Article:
USE UP

I’ve noticed a flux of friend requests on Facebook lately. I’ve started dwindling down my friends feed to be only things, people or causes and organizations I’d go to bat for, (or pick up at 2am when their car breaks down.) I’m still at 425- which is frankly too many people to pick-up, but I enjoy my stream and the people inside it. As I get older, I seem to allow fewer and fewer people into my life. Not that I’m not proud and want to share, but my children, ideas, feats and emotions are all precious to me. And, it happened a few years ago, that I actually just stopped wanting to know about people that I hadn’t kept in touch with. There’s a sort of voyeurism on Facebook. And until I started pairing down my friends list, I had difficulty differentiating the authentic from the well-typed.

A few weeks ago, I went to the store in yoga pants, at 12am to get groceries. Across from electronics, stood the guy I dated when I was 17- who, looked the exact same. It was as if not a moment had passed by, except for a few piercings and tattoos in-between. I made a promise with myself years ago, that should I ever see someone I know in public- no matter how awkward, I’d always say hello. And so- I did.

We talked for about 10 minutes. To his question of, “so, what’s been new?” I replied, “everything and nothing.” We thought we should grab coffee or drinks soon. And we did actually, last Saturday night for about 5 hours with follow-up plans for this week. Ironically, we’ve been within a few miles of one another our whole lives- even through moves or the craziness that was my twenties.  Life is strange and wonderful. He wasn’t at all what I remembered and frankly, either was I.

My days of wanting everyone to be my friend lasted until age 29ish. And then, it turned into a sort of goal: I wanted to be able to close each circle that was opened. For any angry parting, I wanted to be able to look someone in their eyes and know that I had the humility to stand before someone, apologize and move on. I never want to fear running into someone, I want to embrace who I see and know that I’ve grown from the messes and mistakes I’ve made.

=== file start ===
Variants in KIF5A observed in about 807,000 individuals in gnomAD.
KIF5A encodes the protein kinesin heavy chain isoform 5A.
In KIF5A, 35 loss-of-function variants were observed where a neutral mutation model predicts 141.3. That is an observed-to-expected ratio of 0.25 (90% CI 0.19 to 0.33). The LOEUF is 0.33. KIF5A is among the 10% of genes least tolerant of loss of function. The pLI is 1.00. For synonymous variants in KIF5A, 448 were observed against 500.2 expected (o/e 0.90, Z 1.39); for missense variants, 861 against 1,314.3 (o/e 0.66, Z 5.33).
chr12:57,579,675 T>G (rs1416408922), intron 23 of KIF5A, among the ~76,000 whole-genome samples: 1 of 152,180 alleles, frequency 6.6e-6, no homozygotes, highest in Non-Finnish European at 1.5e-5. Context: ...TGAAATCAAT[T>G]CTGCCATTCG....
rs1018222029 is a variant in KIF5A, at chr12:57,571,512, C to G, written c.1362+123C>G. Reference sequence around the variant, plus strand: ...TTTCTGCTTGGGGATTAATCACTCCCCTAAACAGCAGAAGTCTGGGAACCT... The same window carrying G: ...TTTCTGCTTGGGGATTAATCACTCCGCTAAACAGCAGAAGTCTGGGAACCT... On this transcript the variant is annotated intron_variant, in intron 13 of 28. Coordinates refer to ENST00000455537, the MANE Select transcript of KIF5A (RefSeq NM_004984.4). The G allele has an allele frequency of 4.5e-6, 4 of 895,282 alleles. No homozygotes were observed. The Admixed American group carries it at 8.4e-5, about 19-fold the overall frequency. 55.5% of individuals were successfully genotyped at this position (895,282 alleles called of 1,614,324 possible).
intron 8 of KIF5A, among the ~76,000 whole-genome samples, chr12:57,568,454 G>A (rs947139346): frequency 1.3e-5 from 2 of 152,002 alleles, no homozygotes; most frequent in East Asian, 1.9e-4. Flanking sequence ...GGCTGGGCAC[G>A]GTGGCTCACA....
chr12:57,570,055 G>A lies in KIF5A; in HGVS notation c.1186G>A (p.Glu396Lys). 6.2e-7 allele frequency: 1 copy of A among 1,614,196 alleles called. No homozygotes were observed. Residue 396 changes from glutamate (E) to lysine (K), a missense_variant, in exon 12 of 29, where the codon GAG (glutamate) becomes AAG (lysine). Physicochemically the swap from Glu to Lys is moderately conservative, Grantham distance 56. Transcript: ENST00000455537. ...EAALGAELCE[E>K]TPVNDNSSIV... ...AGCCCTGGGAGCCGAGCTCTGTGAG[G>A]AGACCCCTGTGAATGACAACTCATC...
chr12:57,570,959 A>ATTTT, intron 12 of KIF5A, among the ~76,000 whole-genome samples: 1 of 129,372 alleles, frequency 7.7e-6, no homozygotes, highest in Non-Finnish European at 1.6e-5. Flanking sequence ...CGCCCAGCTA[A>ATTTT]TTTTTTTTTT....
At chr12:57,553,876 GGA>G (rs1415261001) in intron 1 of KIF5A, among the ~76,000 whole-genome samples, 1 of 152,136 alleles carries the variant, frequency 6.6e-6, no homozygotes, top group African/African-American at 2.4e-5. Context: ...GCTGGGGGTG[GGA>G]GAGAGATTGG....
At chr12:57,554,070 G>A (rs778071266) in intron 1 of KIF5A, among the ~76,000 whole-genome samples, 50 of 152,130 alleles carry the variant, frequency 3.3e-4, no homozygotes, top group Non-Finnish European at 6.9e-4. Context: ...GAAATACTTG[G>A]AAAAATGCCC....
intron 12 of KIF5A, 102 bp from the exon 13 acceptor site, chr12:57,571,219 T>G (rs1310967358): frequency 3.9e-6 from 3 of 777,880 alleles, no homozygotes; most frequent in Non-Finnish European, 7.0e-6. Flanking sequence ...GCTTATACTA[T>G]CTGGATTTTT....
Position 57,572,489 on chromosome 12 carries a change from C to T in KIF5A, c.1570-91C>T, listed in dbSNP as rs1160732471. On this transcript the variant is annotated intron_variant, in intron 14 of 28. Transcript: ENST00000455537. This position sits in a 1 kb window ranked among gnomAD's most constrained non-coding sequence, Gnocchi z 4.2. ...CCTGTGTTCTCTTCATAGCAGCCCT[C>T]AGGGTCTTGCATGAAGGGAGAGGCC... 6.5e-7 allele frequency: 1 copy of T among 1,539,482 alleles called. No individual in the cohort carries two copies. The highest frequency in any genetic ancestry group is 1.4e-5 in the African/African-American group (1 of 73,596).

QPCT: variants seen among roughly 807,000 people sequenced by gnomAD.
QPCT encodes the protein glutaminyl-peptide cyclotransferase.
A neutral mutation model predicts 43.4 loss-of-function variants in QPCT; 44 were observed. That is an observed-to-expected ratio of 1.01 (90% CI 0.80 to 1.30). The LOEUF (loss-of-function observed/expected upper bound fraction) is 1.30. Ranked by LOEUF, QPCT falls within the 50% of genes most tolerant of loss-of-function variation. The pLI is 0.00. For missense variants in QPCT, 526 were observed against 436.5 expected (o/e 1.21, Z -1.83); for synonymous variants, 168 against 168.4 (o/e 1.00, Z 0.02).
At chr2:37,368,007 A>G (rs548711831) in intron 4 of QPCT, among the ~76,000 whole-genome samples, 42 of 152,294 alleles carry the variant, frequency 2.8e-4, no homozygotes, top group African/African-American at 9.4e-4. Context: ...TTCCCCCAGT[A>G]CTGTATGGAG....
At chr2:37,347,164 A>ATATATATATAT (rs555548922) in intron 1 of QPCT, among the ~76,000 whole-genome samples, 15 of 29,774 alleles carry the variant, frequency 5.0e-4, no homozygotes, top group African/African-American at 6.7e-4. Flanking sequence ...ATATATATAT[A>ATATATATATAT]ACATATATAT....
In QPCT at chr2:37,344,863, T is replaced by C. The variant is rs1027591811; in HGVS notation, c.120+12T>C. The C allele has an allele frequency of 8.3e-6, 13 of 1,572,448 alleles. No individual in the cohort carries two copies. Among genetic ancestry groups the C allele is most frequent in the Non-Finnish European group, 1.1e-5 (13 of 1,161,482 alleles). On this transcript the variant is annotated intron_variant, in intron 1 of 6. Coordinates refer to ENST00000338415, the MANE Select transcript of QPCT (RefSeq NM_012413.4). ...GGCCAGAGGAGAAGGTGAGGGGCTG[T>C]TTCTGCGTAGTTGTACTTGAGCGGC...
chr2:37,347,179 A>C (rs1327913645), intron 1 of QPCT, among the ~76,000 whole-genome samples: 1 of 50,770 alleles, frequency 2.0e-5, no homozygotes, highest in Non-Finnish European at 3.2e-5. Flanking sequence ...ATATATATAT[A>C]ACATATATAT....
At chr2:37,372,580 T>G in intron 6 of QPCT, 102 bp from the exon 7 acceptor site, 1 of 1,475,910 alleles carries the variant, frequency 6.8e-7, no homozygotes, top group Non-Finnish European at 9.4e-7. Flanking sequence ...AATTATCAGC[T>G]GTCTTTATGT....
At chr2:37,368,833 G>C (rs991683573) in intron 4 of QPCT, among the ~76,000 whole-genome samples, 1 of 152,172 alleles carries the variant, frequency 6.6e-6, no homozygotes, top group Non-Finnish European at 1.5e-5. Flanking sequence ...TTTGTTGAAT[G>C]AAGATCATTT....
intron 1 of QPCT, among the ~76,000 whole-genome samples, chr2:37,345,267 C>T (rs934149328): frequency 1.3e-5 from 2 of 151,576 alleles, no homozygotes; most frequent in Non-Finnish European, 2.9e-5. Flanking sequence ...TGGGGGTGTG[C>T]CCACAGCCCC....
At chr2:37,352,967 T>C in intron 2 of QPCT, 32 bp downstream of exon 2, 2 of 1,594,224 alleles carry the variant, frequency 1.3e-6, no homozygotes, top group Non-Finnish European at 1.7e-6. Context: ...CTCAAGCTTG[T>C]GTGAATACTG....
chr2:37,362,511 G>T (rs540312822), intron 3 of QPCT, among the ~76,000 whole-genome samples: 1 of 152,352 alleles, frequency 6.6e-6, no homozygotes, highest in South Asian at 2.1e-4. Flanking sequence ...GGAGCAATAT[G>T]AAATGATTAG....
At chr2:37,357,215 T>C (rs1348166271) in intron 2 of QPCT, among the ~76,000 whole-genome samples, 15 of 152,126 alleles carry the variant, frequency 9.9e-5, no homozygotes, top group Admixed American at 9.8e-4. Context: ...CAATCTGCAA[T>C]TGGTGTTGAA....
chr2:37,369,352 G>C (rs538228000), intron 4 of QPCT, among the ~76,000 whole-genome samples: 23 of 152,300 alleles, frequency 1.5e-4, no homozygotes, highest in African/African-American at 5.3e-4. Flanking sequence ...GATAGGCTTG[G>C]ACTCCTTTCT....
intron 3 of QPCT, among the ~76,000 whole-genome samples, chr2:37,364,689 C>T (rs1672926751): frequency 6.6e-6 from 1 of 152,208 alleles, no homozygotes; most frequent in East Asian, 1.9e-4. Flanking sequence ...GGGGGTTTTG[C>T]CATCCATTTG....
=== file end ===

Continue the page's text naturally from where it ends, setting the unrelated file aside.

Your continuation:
It started as a dare to myself after an incredibly-painful parting with my dearest friend. I called her up one day and said, “We’ve gotta meet for coffee.” And we did- having the best discussions yet- in our 30 year friendship.

I saw a business contact at an event last month and gave her a hug. It had been too long. I had failed at communicating and I was given an incredible gift to have the opportunity to apologize.

Then just over a week ago, I had an opportunity to invite someone who I haven’t seen or talked to in a few years out to a press event. And I did- nonchalantly, via phone without baited breath. He never responded, but I had done it. No more awkward.

But today, I felt stumped. We went to grade school and middle school together, but during the massive un-friending that happened earlier last year, I just didn’t feel confident I truly needed her in my life anymore. There was drama, or uncomfortableness. Facebook, somehow- seemed more intimate to me than a wave hello in public. But, there it was- the ominous friend request. Everything had been going so well lately. I had been putting great karma into the world and receiving positivity in return. Why did this feel wrong? I messaged her asking her to meet me for coffee, as my friends list had gotten smaller and smaller and I wanted to know her again. Her reply was curt, and interesting. “I don’t really interact with people I’m not friends with on Facebook.”

Well, crap. That certainly backfired, didn’t it? Not everything is simple. Not every situation can be a perfect circle. And I somehow had done the exact opposite of what I wanted in the first place. My final reply was short with an explanation about kids and cancer and wanting my friend list to reflect people I knew intimately, or at least, a tribe of people who understood and took me as I was. It went unreplied to. Why anyone would want to simply be on my Facebook feed, but unwilling to grab coffee seems strange, doesn’t it? It seems like a comforting mechanism: I’ll peek in on an individual, but I don’t have to do more than, “like” them to keep this false relationship. Because, that’s what it is, unless you take it offline, right?

Relationships are hard work- especially with a few hundred people. I find myself failing at missing birthdays or not being as in-tune as I should. I haven’t meant to be lazy, in the least. I just haven’t found the perfect balance that wasn’t writing, “Happy Birthday” to one person and copying and pasting it into the rest of that day’s birthdays. Without writing what a truly want- a sentence or paragraph with someone personal. Because, that’s what people deserve.

I’ve tried to pick up the phone instead, or send an email- but sometimes, I fail at that too. We all do. And, that’s alright. For some, Facebook doesn’t mirror real life any more than real life mirrors online personas. I just think there has to be a better way. Hopefully I’ll find it before I anger too many other non-friends from the 6th grade. Because- embarrassing.